STAR-BULLETIN / 2004
Keith Cronin was ahead of the curve years ago with solar panels atop his Kailua home for hot water. A new law will require houses built from 2010 on to include solar heaters.
First-in-nation solar law comes with concerns
Lingle OKs a measure requiring solar water heaters in new homes
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Gov. Linda Lingle approved a bill yesterday that makes Hawaii the first state to require solar water heaters in new single-family homes starting in 2010.
But opponents said the measure will increase the already high cost of new houses and take away a 35 percent state tax credit for the installation of solar water heaters.
Lingle said Hawaii should capitalize on using natural renewable energy sources to cut the state's dependence on imported oil.
The governor said she would try to restore the tax credit during next year's Legislature.
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Hawaii became yesterday the first state to require new single-family homes to be built with solar water heaters.
» Number of homes with solar water heating units statewide: 85,000
» Ratio of homes with solar water heaters in Hawaii: 1-in-4
» Estimated cost of installing a solar water heating unit: $6,000
» Number of Hawaii residents who have collected a HECO rebate for the installation of a solar water heater (total number):
1998: 3,568 (6,861)
1999: 3,545 (10,406)
2000: 3,379 (13,785)
2001: 2,767 (16,552)
2002: 3,001 (19,553)
2003: 3,304 (22,857)
2004: 2,960 (25,817)
2005: 3,504 (29,321)
2006: 4,452 (33,773)
2007: 5,295 (39,068)
2008*: 2,940 (42,008)
Source: Hawaiian Electric Co.
Gov. Linda Lingle signed the measure, Senate Bill 644, SD 3, HD 3, CD 1, into law yesterday to reduce Hawaii's dependence on imported oil. It requires all building permits for single-family homes issued after Jan. 1, 2010, to include solar water heaters.
Exceptions will be allowed where homes have poor sunlight; if it is cost-prohibitive after 15 years; when the dwelling has a substitute renewable energy source; or if there is an approved tankless water heater and another appliance, both powered by gas.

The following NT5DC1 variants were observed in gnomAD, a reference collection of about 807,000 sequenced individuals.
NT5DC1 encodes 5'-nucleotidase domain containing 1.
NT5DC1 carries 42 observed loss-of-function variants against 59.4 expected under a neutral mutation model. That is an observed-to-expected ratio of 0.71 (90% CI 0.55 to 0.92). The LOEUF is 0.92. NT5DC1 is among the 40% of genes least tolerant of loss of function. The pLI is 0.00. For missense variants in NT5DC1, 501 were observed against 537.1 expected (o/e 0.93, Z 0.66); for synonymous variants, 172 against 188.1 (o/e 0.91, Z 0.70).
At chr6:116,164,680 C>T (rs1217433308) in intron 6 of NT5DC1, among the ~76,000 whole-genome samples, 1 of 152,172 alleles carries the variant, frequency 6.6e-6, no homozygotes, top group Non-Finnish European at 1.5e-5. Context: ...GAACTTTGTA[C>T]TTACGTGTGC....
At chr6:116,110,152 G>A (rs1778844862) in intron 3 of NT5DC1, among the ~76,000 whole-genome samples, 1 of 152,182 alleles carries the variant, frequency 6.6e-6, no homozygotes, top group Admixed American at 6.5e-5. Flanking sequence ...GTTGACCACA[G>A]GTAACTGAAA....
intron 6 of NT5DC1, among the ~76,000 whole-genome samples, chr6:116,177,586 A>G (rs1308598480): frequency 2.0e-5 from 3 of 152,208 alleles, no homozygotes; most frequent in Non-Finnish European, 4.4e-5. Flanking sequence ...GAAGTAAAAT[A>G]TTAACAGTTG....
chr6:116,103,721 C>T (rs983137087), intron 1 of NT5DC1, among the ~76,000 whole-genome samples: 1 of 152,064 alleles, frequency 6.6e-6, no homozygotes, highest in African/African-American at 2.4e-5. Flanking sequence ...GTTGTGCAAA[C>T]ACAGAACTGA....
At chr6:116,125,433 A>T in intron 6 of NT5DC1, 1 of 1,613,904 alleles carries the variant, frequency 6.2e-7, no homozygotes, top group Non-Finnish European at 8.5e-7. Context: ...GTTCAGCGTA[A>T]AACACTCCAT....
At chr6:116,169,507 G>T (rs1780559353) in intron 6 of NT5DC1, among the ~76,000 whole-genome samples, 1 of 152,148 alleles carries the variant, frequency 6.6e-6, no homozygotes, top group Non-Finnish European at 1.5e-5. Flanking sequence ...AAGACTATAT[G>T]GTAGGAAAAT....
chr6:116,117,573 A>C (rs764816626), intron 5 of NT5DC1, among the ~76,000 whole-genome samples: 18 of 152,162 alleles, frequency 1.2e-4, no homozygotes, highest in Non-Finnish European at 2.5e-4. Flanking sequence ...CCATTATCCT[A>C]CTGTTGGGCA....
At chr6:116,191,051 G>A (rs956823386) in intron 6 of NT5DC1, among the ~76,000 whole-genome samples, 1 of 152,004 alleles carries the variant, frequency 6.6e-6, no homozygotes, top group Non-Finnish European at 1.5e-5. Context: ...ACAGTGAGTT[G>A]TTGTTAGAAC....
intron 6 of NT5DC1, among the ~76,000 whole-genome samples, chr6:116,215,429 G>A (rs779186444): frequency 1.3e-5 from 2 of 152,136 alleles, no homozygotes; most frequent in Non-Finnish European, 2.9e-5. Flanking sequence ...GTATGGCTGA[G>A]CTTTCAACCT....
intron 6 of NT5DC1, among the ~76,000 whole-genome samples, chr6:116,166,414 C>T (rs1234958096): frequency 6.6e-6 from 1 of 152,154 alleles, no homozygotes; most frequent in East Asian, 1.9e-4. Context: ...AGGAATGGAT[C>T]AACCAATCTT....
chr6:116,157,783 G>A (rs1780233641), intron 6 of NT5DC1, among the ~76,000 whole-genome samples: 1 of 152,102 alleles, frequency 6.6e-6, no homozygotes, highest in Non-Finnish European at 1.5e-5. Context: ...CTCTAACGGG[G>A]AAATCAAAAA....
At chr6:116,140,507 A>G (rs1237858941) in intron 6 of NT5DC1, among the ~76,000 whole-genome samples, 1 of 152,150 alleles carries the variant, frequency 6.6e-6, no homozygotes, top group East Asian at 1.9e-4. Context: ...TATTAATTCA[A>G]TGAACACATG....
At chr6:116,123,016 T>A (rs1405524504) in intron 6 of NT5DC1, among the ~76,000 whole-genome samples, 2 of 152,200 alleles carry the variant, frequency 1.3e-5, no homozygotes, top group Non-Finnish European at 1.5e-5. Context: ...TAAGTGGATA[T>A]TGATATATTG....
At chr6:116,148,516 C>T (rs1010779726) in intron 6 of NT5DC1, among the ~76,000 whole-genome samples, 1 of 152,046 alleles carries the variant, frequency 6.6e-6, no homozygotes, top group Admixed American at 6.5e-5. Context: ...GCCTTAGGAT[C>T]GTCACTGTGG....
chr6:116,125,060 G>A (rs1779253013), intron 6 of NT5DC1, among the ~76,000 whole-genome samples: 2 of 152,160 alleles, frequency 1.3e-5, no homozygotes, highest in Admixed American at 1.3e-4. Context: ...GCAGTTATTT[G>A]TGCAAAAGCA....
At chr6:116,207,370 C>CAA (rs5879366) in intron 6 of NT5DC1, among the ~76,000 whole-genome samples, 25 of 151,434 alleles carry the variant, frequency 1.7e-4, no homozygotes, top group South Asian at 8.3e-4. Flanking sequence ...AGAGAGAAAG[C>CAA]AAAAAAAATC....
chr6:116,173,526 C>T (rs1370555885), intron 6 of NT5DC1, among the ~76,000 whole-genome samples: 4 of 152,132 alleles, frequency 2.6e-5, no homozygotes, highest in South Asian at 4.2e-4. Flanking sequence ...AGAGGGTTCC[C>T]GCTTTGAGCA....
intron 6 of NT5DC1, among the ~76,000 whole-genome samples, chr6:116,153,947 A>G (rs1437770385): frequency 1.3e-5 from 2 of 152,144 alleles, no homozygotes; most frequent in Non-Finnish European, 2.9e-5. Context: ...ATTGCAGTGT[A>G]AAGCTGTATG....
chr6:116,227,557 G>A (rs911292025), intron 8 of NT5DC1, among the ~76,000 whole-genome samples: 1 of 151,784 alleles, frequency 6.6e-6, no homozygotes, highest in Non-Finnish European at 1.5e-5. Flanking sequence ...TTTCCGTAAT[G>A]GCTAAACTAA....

Proponents praised the new law, Act 204, as helping to increase Hawaii's use of renewable energy, but some unlikely opponents say it is significantly flawed. Both sides say the law still needs work.
Lingle said in a news release that the law is an important step in "our long-term plan for energy independence in Hawaii."
"In addition to solar, it is critical that we continue to develop innovative energy solutions that capitalize on our natural renewable resource advantages in order to achieve our goal of having 70 percent clean energy in Hawaii by 2030," she said.
But the governor raised concerns about the measure's wording, which eliminates a 35 percent tax credit next year for residential developers who install solar water heaters and for homeowners who make the installation on their houses starting in 2010.
She said she will introduce legislation next session to restore the tax credit.
Opposing the bill was the Building Industry Association of Hawaii, which represents contractors, developers and suppliers.
BIA Chief Executive Officer Karen Nakamura said the law would raise the cost of homes. She said the law not only eliminates the 35 percent state tax credit, but a $1,000 HECO rebate for new home buyers.
Nakamura said that first-time home buyers who are already having trouble qualifying will suffer the most because the additional cost will make buying a new home further out of reach.
"The total cost is being put on their backs," she said.
Sen. Gary Hooser (D, Kauai-Niihau), who introduced the bill, said, "With oil $140 a barrel, this is especially timely and will save consumers money, create additional energy security for the state and dramatically reduce greenhouse gas for the environment."
He said he is hopeful other states will follow Hawaii's lead.
The bill eliminated the state tax credit after 2010 because it was intended for homeowners and not developers, he said. Any issues can be corrected next legislative session, he said.
While the cost of a home will increase, the cost of homeownership will decrease, he said.
Peter Rosegg, Hawaiian Electric Co. spokesman, said a solar water heater costs $5,000 to $6,000 to install and saves a family of four $40 to $60 a month, or about 30 percent of the homeowner's electricity bill.
Another opponent of the bill is Solar Energy Industries Association, Hawaii, which represents some 25 businesses that install a majority of the solar water heaters in Hawaii.
The law has a loophole that will allow developers to opt out of the mandate by heating the home with a tankless water heater using gas instead, said group Vice President Rolf Christ.
"That gets him off the hook," said Christ, who is afraid more developers will take that option. "To the builder it makes no difference."
Christ, who is also owner of R&R Solar Supply, the only manufacturer of solar water heaters in Hawaii, said he expects his business will rise with the mandate, but said the law will make solar water heaters less affordable for people buying homes.